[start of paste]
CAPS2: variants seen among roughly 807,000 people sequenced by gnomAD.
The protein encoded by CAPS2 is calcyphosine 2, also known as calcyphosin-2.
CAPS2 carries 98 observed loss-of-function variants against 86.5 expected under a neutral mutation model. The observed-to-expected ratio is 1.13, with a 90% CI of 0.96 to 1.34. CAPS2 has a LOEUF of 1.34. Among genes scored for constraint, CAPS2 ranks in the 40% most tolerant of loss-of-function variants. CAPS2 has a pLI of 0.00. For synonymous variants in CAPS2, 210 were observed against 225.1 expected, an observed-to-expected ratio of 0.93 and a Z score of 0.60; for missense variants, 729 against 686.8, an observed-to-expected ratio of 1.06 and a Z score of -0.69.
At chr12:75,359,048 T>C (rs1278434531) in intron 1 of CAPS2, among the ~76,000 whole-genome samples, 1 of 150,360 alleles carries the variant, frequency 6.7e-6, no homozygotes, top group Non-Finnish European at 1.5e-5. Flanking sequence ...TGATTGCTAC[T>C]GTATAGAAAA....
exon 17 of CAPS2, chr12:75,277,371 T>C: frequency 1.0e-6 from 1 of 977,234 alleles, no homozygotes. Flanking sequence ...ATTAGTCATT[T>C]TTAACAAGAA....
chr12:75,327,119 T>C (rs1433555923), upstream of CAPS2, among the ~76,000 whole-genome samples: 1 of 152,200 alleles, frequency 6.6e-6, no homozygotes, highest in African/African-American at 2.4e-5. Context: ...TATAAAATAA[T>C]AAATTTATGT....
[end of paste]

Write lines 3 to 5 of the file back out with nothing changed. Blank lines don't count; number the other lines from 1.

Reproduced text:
CAPS2 carries 98 observed loss-of-function variants against 86.5 expected under a neutral mutation model. The observed-to-expected ratio is 1.13, with a 90% CI of 0.96 to 1.34. CAPS2 has a LOEUF of 1.34. Among genes scored for constraint, CAPS2 ranks in the 40% most tolerant of loss-of-function variants. CAPS2 has a pLI of 0.00. For synonymous variants in CAPS2, 210 were observed against 225.1 expected, an observed-to-expected ratio of 0.93 and a Z score of 0.60; for missense variants, 729 against 686.8, an observed-to-expected ratio of 1.06 and a Z score of -0.69.
At chr12:75,359,048 T>C (rs1278434531) in intron 1 of CAPS2, among the ~76,000 whole-genome samples, 1 of 150,360 alleles carries the variant, frequency 6.7e-6, no homozygotes, top group Non-Finnish European at 1.5e-5. Flanking sequence ...TGATTGCTAC[T>C]GTATAGAAAA....
exon 17 of CAPS2, chr12:75,277,371 T>C: frequency 1.0e-6 from 1 of 977,234 alleles, no homozygotes. Flanking sequence ...ATTAGTCATT[T>C]TTAACAAGAA....